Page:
Ted Hughes is perhaps best known for being the husband of Sylvia Plath. He’s sort of the Yoko Ono of the poetry world. For 35 years after Plath’s suicide, Hughes said nothing of the relationship, and many a feminist accused of him of driving his wife to kill herself (the fact that his second wife also killed herself didn’t help his case). He broke his silence three months before his death, knowing he was terminally ill, and published “Birthday Letters.”
In short, this work is amazing.
I’ve never read a more palpable confirmation of love. It fulfills one tenet of great literature in being shockingly sincere.
Of course the paparazzi behind their relationship makes their relationship highly visible to contemporary readers. Gwyneth Paltrow portrayed Plath in the 2003 film “Sylvia.” Lady Gaga references Plath in “Dancer in the Dark.” Psychology majors may have heard of the “Sylvia Plath Effect.”
The couple was attractive, ambitious, and well connected. The persona amplifies the reader’s feeling, but even if we knew nothing about their relationship, formally, this is a powerful book.
The first poem begins where their relationship did, in college. Hughes was a Fulbright scholar from England when he met Plath in Boston.
“Birthday Letters” is more of a narrative than a collection of poems with loosely related themes. The theme is Plath, and his retrospective evaluation of what happened during their eight years of marriage.
The poems tell how they travel the world. She loved Paris but hated Spain, where he felt at home. They do cool things. She cities Chaucer to a herd of cows, they visit the home of Emily Bronte, they’re caught in a storm near Cape Cod.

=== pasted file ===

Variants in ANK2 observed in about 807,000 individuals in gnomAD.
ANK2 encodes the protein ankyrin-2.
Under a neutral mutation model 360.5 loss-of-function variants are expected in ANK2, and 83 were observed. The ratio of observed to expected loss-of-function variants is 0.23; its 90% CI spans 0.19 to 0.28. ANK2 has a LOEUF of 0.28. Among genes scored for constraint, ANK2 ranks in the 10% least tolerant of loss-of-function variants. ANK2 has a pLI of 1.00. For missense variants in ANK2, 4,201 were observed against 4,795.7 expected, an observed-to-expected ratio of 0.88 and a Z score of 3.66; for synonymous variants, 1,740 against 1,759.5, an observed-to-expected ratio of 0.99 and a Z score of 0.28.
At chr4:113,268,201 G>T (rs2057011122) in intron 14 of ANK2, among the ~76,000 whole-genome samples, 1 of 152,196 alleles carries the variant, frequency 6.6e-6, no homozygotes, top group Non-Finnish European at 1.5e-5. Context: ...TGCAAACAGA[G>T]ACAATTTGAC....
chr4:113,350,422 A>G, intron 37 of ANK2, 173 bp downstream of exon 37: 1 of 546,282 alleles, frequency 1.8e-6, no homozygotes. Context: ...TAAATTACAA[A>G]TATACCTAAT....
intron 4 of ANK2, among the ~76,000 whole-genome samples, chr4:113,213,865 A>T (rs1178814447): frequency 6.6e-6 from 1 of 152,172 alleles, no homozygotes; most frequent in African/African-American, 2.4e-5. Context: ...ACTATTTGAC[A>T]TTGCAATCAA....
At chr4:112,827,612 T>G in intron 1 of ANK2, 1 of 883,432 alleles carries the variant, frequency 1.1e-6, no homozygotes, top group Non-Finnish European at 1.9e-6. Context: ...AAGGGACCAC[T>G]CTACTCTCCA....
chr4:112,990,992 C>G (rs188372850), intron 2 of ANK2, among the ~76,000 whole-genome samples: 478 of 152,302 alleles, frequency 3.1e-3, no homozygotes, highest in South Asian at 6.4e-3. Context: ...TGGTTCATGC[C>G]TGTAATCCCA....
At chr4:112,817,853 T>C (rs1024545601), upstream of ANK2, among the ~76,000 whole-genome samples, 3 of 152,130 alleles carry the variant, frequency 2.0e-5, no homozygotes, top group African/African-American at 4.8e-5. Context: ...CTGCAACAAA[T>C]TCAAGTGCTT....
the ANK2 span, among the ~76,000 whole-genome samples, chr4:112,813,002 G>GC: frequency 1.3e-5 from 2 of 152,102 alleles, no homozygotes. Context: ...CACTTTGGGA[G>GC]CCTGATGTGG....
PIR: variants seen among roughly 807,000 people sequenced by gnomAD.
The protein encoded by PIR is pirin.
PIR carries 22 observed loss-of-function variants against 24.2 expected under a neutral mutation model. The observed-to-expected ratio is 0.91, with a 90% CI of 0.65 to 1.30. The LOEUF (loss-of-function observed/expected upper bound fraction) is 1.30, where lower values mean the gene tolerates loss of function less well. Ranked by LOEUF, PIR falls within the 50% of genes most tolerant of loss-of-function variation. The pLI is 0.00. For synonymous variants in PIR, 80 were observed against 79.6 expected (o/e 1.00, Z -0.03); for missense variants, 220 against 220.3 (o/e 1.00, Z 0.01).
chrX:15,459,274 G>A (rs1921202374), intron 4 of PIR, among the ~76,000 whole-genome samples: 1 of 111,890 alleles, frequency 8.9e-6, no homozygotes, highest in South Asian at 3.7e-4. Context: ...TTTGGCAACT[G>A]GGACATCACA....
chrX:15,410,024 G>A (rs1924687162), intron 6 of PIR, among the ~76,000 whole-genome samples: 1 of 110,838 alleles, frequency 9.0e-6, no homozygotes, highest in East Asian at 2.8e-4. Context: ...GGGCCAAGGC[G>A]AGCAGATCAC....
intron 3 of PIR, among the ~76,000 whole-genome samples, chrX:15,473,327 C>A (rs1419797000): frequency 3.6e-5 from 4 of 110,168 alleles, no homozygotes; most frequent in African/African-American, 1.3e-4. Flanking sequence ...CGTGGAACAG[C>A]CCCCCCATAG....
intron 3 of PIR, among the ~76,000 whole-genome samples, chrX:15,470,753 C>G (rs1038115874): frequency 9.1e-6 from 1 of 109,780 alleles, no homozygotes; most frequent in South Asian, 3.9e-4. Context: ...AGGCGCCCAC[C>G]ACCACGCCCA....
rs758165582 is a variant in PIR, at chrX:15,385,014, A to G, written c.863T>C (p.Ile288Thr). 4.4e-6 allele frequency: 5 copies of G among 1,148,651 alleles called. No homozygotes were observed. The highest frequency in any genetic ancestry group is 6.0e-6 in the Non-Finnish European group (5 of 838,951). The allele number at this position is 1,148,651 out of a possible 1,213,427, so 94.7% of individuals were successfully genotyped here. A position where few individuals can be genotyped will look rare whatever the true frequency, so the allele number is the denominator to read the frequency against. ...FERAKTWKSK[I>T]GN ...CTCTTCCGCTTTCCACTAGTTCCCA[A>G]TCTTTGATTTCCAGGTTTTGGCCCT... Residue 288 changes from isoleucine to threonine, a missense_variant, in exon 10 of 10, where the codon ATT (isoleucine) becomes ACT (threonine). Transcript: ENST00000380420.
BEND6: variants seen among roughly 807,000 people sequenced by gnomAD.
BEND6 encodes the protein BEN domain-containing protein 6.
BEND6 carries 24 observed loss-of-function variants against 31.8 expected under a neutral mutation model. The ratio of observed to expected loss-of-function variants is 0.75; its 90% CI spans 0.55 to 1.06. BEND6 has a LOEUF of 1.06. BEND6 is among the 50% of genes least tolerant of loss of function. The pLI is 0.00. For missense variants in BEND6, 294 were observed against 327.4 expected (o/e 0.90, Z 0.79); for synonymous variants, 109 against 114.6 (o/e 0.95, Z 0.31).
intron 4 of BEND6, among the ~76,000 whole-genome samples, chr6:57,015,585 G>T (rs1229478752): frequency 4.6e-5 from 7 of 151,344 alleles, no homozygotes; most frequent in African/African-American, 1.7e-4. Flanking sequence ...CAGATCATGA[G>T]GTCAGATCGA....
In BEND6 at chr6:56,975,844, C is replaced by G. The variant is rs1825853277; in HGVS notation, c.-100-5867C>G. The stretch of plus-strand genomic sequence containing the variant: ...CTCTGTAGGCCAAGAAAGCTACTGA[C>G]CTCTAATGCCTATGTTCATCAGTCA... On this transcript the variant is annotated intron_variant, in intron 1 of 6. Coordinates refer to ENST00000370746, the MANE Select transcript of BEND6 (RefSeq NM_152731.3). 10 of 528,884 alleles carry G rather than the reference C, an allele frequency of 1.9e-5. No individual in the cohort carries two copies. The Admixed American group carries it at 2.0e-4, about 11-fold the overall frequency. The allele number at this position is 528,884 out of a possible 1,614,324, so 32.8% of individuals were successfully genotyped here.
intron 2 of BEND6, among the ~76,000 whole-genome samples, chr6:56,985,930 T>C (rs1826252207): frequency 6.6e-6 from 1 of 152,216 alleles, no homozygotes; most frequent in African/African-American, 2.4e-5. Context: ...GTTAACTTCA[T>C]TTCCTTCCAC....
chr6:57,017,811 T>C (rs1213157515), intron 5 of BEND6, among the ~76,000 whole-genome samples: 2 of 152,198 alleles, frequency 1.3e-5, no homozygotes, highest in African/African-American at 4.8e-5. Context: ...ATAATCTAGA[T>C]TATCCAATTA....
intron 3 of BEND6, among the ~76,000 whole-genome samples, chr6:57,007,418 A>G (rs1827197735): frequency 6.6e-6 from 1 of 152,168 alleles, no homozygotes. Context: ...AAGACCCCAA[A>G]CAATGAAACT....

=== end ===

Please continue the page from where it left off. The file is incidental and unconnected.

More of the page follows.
Hughes was fascinated with America. He pairs deep emotions with products like Nescafe and Kleenex. Remembering his honeymoon with Plath, he writes, “you were slim and lithe and smooth as a fish./ You were a new world. My new world./ So this is America, I marveled. Beautiful, beautiful America!”
If pages were to reflect the time required for a bit of comprehension, “Birthday Letters” would be 600—not 200, pages. Not that the language is complex—for poetry it’s rather straight-forward, and you’d get a lot from just one reading. But Hughes is so subtle and rich that should you spend some time reading the poem again, your reward is inevitable.
Here is an excerpt of a poem that exemplifies most of “Birthday Letters.” Good to know going into this that “Daddy” refers to Plath’s most famous poem of the same title.
The Shot (excerpt)
Till your real target
Hid behind me. Your Daddy
The god with the smoking gun. For a long time
Vague as mist, I did not even know
I had been hit,
Or that you had gone clean through me—
To bury yourself at last in the heart of the god.
In my position, the right witchdoctor
Might have caught you in flight with his bare hands,
Tossed you, cooling, one hand to the other,
Godless, happy, quieted.
A wisp of your hair, your ring, your watch, your nightgown.